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Bring to a boil then turn the heat way low. Cover and simmer. And simmer. And simmer. In fact, just forget about it for a good long time. Five hours, eight hours, overnight. Pretend it doesn’t exist. Only, that’s going to be pretty hard. I may not be a pot roast girl, but it sure does smell good. Does it get any better than this? I recommend leaving the house for a while. The temptation is too great!!!

After that good long while, you can check on your roast. Some people turn the heat back up at this point for another 30 minutes, flipping halfway through. I decided to give it a try. I’m not really sure this was a good idea uncovered, but went with it anyway.

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All done! Plate ‘er up! I served mine with mashed taters. That recipe will come along eventually.

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Not bad for my first time, but I didn’t cook mine as long as I would have liked. So make sure to forget about yours!

 

 

 

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A good disaster?

Alas, the life of a baker may not be in my future. It’s the dough, I tell ya, the dough. We are not fast friends. No ma’am! Okay, okay. It’s me, not the dough. I don’t have enough patience and haven’t taken the time to master my technique with frequent practice. I want all the homemade flavor without all the homemade work. Well as someone once told me, you can’t always have your cake.

Remember the other day when we made those cheese and onion pasties? Today, I decided to give the beef ones a try. You know, for authenticity’s sake. Oh, but how these pasties have turned me into a raging bull. I’m bout ready to rip my stove out of the kitchen and throw it into the backyard. Maybe I’ll toss the counter out while I’m at it. Relieve some stress!

When I sit back and think about it, it’s rather a miracle that my last attempt to make a pasty turned out at all. At the time, I thought my dough was too delicate. Wrong! This go around my dough was so soft, it kept tearing before I could begin to roll it out. I even stuck it in the fridge for awhile.  Wrapping the meat mixture in it was down right impossible and instead of having a cute little half moon…I ended up with some strange ball with pieces of potato and carrot peeking through.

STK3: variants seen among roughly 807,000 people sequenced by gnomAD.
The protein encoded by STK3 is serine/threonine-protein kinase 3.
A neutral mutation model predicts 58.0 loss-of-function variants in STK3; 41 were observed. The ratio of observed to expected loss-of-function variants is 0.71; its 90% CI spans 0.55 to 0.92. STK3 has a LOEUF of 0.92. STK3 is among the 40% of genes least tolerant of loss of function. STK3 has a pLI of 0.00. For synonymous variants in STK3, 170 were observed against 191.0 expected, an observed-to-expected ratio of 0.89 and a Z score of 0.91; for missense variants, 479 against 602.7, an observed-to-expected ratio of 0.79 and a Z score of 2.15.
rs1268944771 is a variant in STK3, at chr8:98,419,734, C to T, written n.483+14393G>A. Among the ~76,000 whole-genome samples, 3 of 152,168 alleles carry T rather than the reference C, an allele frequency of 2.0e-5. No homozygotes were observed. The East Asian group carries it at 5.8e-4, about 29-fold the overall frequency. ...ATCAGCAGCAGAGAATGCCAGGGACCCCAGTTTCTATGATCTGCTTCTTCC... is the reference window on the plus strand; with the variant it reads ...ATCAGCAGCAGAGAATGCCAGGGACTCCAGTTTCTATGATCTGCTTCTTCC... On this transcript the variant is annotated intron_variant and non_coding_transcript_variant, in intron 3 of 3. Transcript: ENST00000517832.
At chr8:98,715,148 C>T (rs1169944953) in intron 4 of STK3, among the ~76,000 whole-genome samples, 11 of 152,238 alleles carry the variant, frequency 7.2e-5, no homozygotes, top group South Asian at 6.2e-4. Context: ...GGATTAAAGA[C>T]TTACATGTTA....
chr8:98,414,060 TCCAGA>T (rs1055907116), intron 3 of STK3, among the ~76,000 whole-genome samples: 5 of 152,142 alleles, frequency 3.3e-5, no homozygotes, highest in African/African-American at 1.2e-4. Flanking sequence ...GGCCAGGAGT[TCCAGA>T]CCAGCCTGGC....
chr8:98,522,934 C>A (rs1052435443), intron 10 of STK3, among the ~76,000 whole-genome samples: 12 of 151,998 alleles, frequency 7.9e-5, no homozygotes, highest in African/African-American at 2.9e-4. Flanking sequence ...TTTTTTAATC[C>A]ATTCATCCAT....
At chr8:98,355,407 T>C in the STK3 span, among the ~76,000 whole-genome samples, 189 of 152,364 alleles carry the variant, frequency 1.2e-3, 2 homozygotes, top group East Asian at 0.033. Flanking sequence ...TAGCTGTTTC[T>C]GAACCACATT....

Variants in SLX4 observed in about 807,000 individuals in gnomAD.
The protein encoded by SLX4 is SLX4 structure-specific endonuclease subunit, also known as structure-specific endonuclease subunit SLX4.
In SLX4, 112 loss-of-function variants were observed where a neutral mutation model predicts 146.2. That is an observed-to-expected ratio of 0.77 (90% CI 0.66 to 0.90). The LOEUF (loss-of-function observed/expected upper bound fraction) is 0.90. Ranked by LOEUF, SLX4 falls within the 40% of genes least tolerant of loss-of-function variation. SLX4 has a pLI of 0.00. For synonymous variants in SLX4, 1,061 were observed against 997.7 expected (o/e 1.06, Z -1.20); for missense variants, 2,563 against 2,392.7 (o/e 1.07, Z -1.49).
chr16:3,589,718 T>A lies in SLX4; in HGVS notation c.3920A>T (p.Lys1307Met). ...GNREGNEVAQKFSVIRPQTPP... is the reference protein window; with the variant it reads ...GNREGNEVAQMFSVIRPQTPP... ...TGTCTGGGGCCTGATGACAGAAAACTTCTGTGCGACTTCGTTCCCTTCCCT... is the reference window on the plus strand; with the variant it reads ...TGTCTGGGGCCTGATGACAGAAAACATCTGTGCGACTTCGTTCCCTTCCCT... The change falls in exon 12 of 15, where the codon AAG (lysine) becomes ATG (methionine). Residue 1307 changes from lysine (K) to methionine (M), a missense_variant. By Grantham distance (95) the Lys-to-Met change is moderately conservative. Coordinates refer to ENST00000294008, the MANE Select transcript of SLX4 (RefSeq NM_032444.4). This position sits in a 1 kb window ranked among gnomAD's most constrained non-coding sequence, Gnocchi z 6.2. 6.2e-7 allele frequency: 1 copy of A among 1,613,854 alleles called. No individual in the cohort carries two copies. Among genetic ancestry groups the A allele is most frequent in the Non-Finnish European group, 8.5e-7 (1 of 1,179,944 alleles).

The only good thing about the whole thing is I turned the rest of the filling into a lovely beef stew. And discovered that I like rutabaga. And, of course, it was a humbling experience. You aren’t born a chef. You gotta earn your skill, learn it and master it. No worries! One day I will learn to work with dough. Just give me time.

And the lover really liked the stew. Points to me! Needless to say, I have no real recipe for you today and my pictures are limited. But hopefully you’ll be inspired to cook something up anyway. We all have our off days.

But if you like, you can whip up a stew/soup quite easily. Chop up some veggies- onion, potato, carrots, rutabaga, garlic.

 

Whoa! What’s that giant thing…? It’s a rutabaga! Yummy yummy turnip. Now mix your chopped up veggies with your stewing beef

Drizzle some olive oil in a stock pot and dump your mixture in. When the beef turns slightly brown, add your stock of choice. I used a little more than a cup of chicken stock with just over a cup of water and added in a bouillon cube for a boost of flavor. Season with salt, pepper, parsley, and ground mustard. Once everything boils together, turn heat real low and let simmer until your ready to eat. I had to mourn my lost pasty. It took some time.

Actually, I got two Cornish pasties made before I gave up and started on the stew. They weren’t bad, per se. The crust was just super crumbly and refused to hold together. It was more like eating a casserole than a hand pie. But at least the flavor was there. We will try, try again!